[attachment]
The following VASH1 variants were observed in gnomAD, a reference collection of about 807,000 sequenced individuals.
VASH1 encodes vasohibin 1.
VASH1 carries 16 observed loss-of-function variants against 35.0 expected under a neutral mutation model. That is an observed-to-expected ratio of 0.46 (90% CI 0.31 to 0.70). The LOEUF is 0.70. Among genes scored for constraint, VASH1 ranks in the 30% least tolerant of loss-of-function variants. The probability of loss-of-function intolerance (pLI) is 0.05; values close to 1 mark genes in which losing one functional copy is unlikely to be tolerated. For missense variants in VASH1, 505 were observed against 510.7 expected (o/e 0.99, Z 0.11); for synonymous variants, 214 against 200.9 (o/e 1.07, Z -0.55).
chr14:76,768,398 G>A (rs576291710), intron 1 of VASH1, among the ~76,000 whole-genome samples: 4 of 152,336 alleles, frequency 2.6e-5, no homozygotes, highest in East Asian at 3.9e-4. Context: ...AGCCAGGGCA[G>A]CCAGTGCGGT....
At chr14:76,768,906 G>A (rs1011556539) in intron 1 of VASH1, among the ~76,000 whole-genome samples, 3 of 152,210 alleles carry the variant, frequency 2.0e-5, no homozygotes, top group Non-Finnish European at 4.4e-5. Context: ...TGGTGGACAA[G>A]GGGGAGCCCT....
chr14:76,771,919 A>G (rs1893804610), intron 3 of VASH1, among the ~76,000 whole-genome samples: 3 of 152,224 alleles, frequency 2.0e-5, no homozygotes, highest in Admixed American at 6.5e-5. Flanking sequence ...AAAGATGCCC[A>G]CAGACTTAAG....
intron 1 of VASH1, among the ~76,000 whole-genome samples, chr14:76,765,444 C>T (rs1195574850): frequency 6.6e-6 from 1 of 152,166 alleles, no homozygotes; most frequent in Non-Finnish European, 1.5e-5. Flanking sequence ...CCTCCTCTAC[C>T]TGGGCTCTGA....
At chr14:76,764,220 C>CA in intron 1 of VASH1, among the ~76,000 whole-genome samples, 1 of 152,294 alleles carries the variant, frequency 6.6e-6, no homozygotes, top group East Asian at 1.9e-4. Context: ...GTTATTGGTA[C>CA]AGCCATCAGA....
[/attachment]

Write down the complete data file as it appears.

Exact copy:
The following VASH1 variants were observed in gnomAD, a reference collection of about 807,000 sequenced individuals.
VASH1 encodes vasohibin 1.
VASH1 carries 16 observed loss-of-function variants against 35.0 expected under a neutral mutation model. That is an observed-to-expected ratio of 0.46 (90% CI 0.31 to 0.70). The LOEUF is 0.70. Among genes scored for constraint, VASH1 ranks in the 30% least tolerant of loss-of-function variants. The probability of loss-of-function intolerance (pLI) is 0.05; values close to 1 mark genes in which losing one functional copy is unlikely to be tolerated. For missense variants in VASH1, 505 were observed against 510.7 expected (o/e 0.99, Z 0.11); for synonymous variants, 214 against 200.9 (o/e 1.07, Z -0.55).
chr14:76,768,398 G>A (rs576291710), intron 1 of VASH1, among the ~76,000 whole-genome samples: 4 of 152,336 alleles, frequency 2.6e-5, no homozygotes, highest in East Asian at 3.9e-4. Context: ...AGCCAGGGCA[G>A]CCAGTGCGGT....
At chr14:76,768,906 G>A (rs1011556539) in intron 1 of VASH1, among the ~76,000 whole-genome samples, 3 of 152,210 alleles carry the variant, frequency 2.0e-5, no homozygotes, top group Non-Finnish European at 4.4e-5. Context: ...TGGTGGACAA[G>A]GGGGAGCCCT....
chr14:76,771,919 A>G (rs1893804610), intron 3 of VASH1, among the ~76,000 whole-genome samples: 3 of 152,224 alleles, frequency 2.0e-5, no homozygotes, highest in Admixed American at 6.5e-5. Flanking sequence ...AAAGATGCCC[A>G]CAGACTTAAG....
intron 1 of VASH1, among the ~76,000 whole-genome samples, chr14:76,765,444 C>T (rs1195574850): frequency 6.6e-6 from 1 of 152,166 alleles, no homozygotes; most frequent in Non-Finnish European, 1.5e-5. Flanking sequence ...CCTCCTCTAC[C>T]TGGGCTCTGA....
At chr14:76,764,220 C>CA in intron 1 of VASH1, among the ~76,000 whole-genome samples, 1 of 152,294 alleles carries the variant, frequency 6.6e-6, no homozygotes, top group East Asian at 1.9e-4. Context: ...GTTATTGGTA[C>CA]AGCCATCAGA....